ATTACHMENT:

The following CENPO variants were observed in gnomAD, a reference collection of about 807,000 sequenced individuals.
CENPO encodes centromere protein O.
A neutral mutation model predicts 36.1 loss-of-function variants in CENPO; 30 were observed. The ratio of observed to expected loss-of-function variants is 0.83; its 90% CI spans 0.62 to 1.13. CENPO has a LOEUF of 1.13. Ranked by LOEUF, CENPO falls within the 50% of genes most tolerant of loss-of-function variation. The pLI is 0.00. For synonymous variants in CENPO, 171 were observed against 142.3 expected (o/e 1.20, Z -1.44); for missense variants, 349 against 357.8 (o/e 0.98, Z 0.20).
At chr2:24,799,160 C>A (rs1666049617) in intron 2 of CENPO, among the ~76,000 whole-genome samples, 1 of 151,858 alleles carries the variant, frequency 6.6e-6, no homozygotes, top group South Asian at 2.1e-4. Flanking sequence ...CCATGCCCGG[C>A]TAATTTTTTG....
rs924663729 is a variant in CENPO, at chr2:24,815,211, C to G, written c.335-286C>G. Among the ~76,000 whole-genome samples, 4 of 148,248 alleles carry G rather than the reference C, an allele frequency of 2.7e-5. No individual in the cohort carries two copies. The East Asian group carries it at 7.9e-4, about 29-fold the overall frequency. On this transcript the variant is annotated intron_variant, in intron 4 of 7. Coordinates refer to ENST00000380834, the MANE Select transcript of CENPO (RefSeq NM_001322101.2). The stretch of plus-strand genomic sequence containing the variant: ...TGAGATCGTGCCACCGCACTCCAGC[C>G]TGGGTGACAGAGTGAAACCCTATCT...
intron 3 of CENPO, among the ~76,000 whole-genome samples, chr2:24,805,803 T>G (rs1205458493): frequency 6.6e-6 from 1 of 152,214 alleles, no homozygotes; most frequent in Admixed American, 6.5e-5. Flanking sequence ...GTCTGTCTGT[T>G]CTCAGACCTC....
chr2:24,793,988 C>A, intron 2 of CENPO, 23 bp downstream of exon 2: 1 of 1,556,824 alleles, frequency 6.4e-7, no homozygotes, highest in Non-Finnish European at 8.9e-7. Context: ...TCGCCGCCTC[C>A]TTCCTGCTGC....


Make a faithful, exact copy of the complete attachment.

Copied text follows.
The following CENPO variants were observed in gnomAD, a reference collection of about 807,000 sequenced individuals.
CENPO encodes centromere protein O.
A neutral mutation model predicts 36.1 loss-of-function variants in CENPO; 30 were observed. The ratio of observed to expected loss-of-function variants is 0.83; its 90% CI spans 0.62 to 1.13. CENPO has a LOEUF of 1.13. Ranked by LOEUF, CENPO falls within the 50% of genes most tolerant of loss-of-function variation. The pLI is 0.00. For synonymous variants in CENPO, 171 were observed against 142.3 expected (o/e 1.20, Z -1.44); for missense variants, 349 against 357.8 (o/e 0.98, Z 0.20).
At chr2:24,799,160 C>A (rs1666049617) in intron 2 of CENPO, among the ~76,000 whole-genome samples, 1 of 151,858 alleles carries the variant, frequency 6.6e-6, no homozygotes, top group South Asian at 2.1e-4. Flanking sequence ...CCATGCCCGG[C>A]TAATTTTTTG....
rs924663729 is a variant in CENPO, at chr2:24,815,211, C to G, written c.335-286C>G. Among the ~76,000 whole-genome samples, 4 of 148,248 alleles carry G rather than the reference C, an allele frequency of 2.7e-5. No individual in the cohort carries two copies. The East Asian group carries it at 7.9e-4, about 29-fold the overall frequency. On this transcript the variant is annotated intron_variant, in intron 4 of 7. Coordinates refer to ENST00000380834, the MANE Select transcript of CENPO (RefSeq NM_001322101.2). The stretch of plus-strand genomic sequence containing the variant: ...TGAGATCGTGCCACCGCACTCCAGC[C>G]TGGGTGACAGAGTGAAACCCTATCT...
intron 3 of CENPO, among the ~76,000 whole-genome samples, chr2:24,805,803 T>G (rs1205458493): frequency 6.6e-6 from 1 of 152,214 alleles, no homozygotes; most frequent in Admixed American, 6.5e-5. Flanking sequence ...GTCTGTCTGT[T>G]CTCAGACCTC....
chr2:24,793,988 C>A, intron 2 of CENPO, 23 bp downstream of exon 2: 1 of 1,556,824 alleles, frequency 6.4e-7, no homozygotes, highest in Non-Finnish European at 8.9e-7. Context: ...TCGCCGCCTC[C>A]TTCCTGCTGC....